When This Woman Attended A Convention For Furry Friends, She Expected Something Completely Different
A woman who brought her Bernese mountain dog to a “furry convention” was simply looking for some fun for her friend, and after an awkward but warm reception, that’s exactly what she found.
When the the Motor City Furry Con opened its doors, it perked the ears of Cheryl Wassus, a southeastern Michigan native. Wassus, a volunteer with Pets for Vets, an organization that matches service animals with military veterans, learned that the convention was raising money for her nonprofit and expected to see pets aplenty when she arrived with her therapy-dog-in-training, Link.
But instead of the furry friends Wassus expected to see, the curious couple were greeted by a legion of IRL furries, humans who enjoy dressing up as alter ego animal characters.
Story is: Mom helps run Pets 4 Vets, which Furrycon chose as their charity of choice this year. She volunteered, not knowing what event was https://t.co/s077WbY76Y— kenny wassus (@kgw) April 9, 2017
Her son, Kenny Wassus, a producer for New York Magazine, shared images of his mom’s visit to Furry Con on Twitter. Before long, photos of Link and Cheryl were popping up on feeds around the world.
In her defense the logo/branding totally looks like that of many pet rescues in the midwest, early internet-ish, b&w, the obligatory paw lol https://t.co/nXzg5J07xY— kenny wassus (@kgw) April 9, 2017
According to Cosmopolitan, Wassus was asked to speak on Pets for Vets at the convention but was given little detail beyond that.
“I usually try to do some research the night before I go to these events, but the website was pretty obscure,” she said. “It had links and information on how to register but no pictures. So I just assumed it was a regular business convention of some sort.”
my mom thought furrycon was a pet event and volunteered w our therapy dog 😆 pic.twitter.com/mizlydLxjl— kenny wassus (@kgw) April 8, 2017
Her assumptions were challenged, but in the end Wassus found she wasn’t barking up the wrong tree. The positive cause she represents is supported by many different walks of life.
“This is just a whole subculture I wasn’t even aware existed,” she told New York Magazine. “When we set up tables and do promos and educate the public and do outreach, I had no idea the outreach was going to be other human … furry people. I guess you’re never too old to learn.”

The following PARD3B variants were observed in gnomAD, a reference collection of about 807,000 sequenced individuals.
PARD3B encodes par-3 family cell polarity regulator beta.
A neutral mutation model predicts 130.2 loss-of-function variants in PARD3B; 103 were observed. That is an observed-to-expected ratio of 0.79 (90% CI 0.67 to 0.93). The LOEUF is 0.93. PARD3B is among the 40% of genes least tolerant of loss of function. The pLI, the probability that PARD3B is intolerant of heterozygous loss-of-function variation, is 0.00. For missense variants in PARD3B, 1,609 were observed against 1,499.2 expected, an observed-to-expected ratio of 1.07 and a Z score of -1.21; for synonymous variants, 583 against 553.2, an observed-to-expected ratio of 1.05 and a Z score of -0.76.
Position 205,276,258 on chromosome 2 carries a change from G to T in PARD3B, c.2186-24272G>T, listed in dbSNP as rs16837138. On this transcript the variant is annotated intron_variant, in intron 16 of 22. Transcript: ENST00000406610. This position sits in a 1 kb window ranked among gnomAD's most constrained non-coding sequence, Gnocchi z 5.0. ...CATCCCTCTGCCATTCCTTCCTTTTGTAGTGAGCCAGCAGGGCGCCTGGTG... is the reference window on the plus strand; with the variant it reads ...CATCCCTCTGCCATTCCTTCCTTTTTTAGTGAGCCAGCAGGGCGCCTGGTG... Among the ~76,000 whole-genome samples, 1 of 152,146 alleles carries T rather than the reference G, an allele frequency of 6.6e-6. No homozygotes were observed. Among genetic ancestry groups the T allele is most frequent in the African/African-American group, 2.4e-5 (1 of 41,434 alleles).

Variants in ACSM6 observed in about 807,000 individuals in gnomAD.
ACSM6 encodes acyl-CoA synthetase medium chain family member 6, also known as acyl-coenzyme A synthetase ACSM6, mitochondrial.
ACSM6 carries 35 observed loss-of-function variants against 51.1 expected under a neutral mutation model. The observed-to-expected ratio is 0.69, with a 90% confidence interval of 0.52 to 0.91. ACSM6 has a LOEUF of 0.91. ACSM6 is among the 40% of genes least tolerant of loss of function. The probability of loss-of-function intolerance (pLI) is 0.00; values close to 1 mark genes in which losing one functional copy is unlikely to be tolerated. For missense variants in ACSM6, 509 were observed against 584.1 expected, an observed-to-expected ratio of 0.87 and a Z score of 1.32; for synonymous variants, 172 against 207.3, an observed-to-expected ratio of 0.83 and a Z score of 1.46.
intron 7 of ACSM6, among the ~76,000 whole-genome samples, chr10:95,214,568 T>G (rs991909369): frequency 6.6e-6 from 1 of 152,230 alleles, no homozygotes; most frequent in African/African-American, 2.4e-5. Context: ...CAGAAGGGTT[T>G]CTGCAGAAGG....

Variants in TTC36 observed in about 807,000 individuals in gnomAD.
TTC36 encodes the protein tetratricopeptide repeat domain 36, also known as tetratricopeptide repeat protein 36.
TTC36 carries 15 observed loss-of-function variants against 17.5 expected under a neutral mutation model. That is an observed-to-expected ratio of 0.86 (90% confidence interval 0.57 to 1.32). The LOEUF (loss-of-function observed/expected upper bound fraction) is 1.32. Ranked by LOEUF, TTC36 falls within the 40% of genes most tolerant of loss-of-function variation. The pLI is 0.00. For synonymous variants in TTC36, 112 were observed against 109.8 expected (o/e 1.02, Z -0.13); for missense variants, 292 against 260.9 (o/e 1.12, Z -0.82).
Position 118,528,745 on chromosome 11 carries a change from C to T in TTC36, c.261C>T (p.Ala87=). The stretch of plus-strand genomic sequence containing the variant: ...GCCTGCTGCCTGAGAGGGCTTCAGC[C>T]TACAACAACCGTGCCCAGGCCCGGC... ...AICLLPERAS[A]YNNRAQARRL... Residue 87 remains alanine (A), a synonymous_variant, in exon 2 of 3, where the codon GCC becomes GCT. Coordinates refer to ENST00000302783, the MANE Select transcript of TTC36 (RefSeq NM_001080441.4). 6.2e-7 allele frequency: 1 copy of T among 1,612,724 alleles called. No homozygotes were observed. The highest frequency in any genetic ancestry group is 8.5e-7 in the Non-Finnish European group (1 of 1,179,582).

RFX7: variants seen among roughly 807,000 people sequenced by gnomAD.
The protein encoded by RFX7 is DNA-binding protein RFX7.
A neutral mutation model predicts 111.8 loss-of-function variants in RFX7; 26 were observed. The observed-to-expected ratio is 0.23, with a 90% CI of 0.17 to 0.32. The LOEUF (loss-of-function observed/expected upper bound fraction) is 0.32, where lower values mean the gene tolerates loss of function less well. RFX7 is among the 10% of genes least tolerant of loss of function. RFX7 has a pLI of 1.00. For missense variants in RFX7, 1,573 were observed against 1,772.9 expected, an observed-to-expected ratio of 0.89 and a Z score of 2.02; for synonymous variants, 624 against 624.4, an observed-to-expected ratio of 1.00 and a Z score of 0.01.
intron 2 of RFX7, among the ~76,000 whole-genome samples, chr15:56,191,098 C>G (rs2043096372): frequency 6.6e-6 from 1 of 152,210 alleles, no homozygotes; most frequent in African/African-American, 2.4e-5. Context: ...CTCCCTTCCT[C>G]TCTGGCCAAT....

the furrycon mixup story has gotten too big and went to link's head now he thinks he's a goddam hotshot, look at this idiot pic.twitter.com/ebYRCfi2yb— kenny wassus (@kgw) April 15, 2017
Link enjoyed the experience too, albeit not without a few exploratory sniffs.
“It was a little embarrassing at first because Link was just a little curious why people were wearing tails, so he was doing some serious tail-sniffing and checking out people,” Wassus said. “They weren’t offended, though, they just embraced him. It was all good. Just a real interested community.”
Not only interested, but invested. Pets for Vets was given $10,000 from donations raised at the Furry Con. Cheryl and Link came back with a new appreciation of the furry subculture as well.
“I train puppies and do training with Canine Good Citizen and do trip training, and you cannot replicate what that one afternoon of walking him through every imaginable costume and scenario, with all of these different people and being in a new place,” she said. “I was talking to one of the moms [of a furry], while I was sitting at our [Pets for Vets] booth, and she said a lot of these kids just aren’t understood. Her son got into it, and she said sometimes they don’t have the confidence to move around comfortably — socially, in groups — but they put on these costumes, and they’re transformed.”
The Animal Rescue Site wishes the best to the Wassus family and Pets for Vets, a wonderful organization helping out our nation’s bravest. Veterans coming home with traumatic brain injury or post-traumatic stress issues face an entirely new battle. The VA’s U.S. Veteran Service Dog Program covers the cost of service dogs only in cases of physical disability. Dogs for mobility, hearing, or sight are covered, but dogs for psychiatric issues like PTSD are not. The VA claims that there is not enough evidence to show that the dogs are efficacious despite countless studies to the contrary.
Service dogs for PTSD can be part of an effective treatment which improves the quality of veterans’ lives, which is why the VA MUST cover the cost of service dogs for psychiatric conditions. Click the button below and tell the VA to change the U.S. Veteran Service Dog Program to cover service dogs for any troop that needs one!